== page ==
I killed a woodchuck yesterday with no more remorse than I’d feel after killing a cucumber beetle. Betsy thinks it’s not so simple; her thoughts are at the end of this post.
Our neighborhood has seen a surge in these crafty critters this year, and I’ve talked to several distraught gardeners whose plants have been pillaged. I don’t see woodchucks as cute, furry wildlife; they are like burglars who break into your house while you’re sleeping and steal your valuables.
I’ve tried deterrence. We put up a fence around our garden, laboriously digging a trench so that it could go underground and prevent woodchucks from tunneling underneath. They climbed over it. We constructed an extension on top of the fence, a foot-long horizontal jut-out to make climbing harder. They found a way over it. We bought some expensive fox pee and placed it in little bottles every 10 feet all around the fence. The woodchucks figured out that there was no fox.
I came to realize that even if deterrence were successful, the woodchucks would just go torment my neighbors. I started thinking of this as a community problem rather than an individual one.
So I spent $50 on a trap from Home Depot. I baited it with banana and apple slices and placed it outside the fence. But we caught first a squirrel and then an opossum, which are cute, furry wildlife, so we released them. Then Betsy got the idea of placing the trap inside the garden fence, where woodchucks are the only trespassers. Yesterday, we finally caught one.
So what do you do with a woodchuck trapped in a cage? Some people transport them miles away and release them, but that just shifts the problem to someone else. Besides, it’s illegal in Massachusetts. Some people shoot them, but I don’t believe in owning guns. You can’t give a woodchuck a lethal injection.
After doing some research, I decided that drowning was the best solution. We borrowed a large plastic trash receptacle from a neighbor, filled it with water, and then plunged the cage (and the woodchuck) into it. This was not pleasant. But it didn’t take long for the woodchuck to die, and we buried its body. Now we’ve upped the ante by baiting the trap, inside the garden fence, with broccoli smeared with a gooey substance that supposedly attracts woodchucks.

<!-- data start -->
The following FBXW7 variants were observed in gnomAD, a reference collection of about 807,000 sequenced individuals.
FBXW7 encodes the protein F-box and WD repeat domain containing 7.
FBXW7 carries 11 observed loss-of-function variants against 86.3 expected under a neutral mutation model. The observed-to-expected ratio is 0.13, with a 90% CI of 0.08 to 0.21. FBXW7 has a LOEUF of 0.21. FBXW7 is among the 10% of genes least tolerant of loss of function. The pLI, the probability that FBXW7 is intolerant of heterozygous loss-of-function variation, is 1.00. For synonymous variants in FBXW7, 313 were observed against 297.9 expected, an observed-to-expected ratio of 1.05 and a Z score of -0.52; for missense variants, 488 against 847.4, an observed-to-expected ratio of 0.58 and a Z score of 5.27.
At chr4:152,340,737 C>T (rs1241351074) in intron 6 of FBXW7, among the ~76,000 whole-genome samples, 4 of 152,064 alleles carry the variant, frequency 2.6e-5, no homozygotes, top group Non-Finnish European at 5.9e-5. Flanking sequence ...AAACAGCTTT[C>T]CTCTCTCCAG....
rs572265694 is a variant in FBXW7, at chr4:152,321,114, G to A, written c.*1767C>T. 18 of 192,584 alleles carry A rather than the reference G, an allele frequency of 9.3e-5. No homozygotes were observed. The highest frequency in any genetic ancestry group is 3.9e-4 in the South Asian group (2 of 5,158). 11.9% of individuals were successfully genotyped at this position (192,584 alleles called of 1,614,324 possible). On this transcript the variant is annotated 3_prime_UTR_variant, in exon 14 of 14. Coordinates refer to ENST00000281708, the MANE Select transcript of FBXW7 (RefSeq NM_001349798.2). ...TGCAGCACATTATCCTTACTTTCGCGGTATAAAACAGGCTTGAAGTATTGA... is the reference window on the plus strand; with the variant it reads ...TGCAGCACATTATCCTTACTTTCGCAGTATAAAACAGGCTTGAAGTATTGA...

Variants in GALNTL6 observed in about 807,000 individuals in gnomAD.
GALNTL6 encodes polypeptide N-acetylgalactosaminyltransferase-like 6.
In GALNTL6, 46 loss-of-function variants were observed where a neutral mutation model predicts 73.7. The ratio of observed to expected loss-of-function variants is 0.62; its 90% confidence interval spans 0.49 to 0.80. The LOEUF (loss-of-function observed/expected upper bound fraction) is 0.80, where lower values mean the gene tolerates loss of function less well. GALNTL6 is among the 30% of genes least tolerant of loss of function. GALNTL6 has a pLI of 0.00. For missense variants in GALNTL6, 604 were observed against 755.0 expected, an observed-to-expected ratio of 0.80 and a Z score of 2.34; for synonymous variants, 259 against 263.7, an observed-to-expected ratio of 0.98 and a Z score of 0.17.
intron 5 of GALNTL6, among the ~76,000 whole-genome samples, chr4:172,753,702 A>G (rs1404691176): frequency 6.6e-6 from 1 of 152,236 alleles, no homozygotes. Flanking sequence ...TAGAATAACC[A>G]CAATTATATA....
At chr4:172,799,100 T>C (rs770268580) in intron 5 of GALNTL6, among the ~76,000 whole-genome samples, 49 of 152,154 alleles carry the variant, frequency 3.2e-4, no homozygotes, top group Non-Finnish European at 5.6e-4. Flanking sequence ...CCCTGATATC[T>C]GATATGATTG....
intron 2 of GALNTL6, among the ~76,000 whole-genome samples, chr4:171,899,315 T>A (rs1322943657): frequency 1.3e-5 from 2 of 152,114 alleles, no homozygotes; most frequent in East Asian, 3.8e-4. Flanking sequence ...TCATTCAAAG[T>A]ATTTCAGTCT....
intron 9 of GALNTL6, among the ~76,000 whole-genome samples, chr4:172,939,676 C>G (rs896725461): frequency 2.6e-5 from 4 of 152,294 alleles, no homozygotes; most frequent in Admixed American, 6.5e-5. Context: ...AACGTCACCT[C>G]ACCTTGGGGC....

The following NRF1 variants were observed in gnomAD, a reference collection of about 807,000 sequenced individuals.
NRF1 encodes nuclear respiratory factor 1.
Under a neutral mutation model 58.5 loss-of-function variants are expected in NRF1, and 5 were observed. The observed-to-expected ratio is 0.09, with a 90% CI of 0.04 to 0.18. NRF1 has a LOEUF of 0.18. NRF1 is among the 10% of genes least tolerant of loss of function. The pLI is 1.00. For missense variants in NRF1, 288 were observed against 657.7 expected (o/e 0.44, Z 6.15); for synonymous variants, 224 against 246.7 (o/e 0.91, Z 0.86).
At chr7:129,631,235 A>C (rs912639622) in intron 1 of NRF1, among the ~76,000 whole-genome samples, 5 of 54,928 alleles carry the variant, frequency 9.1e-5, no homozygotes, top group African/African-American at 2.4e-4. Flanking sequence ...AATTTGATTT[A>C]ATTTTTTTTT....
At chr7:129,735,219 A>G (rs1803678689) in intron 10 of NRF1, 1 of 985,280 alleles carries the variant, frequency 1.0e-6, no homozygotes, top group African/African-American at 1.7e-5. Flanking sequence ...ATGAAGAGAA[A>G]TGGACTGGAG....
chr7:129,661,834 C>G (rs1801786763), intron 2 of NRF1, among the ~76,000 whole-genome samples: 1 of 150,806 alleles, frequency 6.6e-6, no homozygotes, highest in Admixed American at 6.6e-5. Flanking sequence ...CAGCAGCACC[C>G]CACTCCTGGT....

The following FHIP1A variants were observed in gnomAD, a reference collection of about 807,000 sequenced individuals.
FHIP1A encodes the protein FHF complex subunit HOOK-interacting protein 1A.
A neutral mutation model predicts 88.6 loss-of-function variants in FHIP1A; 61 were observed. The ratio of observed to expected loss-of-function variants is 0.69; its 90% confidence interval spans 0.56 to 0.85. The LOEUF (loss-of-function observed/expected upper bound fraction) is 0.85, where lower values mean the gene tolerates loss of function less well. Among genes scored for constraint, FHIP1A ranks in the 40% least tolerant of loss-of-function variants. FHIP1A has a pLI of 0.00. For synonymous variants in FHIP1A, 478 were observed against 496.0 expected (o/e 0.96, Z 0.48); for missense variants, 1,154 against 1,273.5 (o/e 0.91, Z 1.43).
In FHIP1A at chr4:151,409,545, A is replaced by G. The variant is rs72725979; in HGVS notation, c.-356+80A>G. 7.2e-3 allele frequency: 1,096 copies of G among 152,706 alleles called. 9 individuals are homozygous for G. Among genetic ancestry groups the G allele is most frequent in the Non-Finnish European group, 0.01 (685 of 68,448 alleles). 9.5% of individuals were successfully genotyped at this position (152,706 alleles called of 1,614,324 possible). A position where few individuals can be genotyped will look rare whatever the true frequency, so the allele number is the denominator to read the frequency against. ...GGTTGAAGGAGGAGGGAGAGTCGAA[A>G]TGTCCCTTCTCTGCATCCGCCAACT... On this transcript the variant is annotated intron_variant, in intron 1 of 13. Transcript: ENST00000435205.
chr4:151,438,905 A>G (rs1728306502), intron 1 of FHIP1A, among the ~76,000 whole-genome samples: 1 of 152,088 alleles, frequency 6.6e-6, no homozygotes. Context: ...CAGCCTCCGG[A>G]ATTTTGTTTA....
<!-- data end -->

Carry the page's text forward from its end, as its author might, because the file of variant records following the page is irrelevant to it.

This could be the first of many woodchucks we dispatch; if so, I’ll bet my neighbors will thank me. Over the past month, I’ve killed over 100 cucumber beetles, which spread a disease in the garden. If someone is offended by going after woodchucks, could he or she tell me what the difference is?
Betsy experiences this somewhat differently. She too hates coming out to the garden and discovering that her carefully nurtured kale crop has been decimated. But the necessity of killing the woodchucks we have trapped is painful to her. In addition to a philosophical belief in the intrinsic worth of each being, she empathizes with other creatures. She says that the closer the relationship is (furry mammals, for example, feel closer than insects or slugs) the harder it is to feel okay about taking their life.
Nonetheless, she agrees that this needs to be done. Of course, being a complex bundle of contradictions, she eats mammal meat, primarily locally raised, grass-fed lamb and beef, pig and goat. As she buries the woodchuck, she commends its body to the embrace of the Earth Mother. Likewise, our bodies will someday return by fire or decomposition to the circle of life.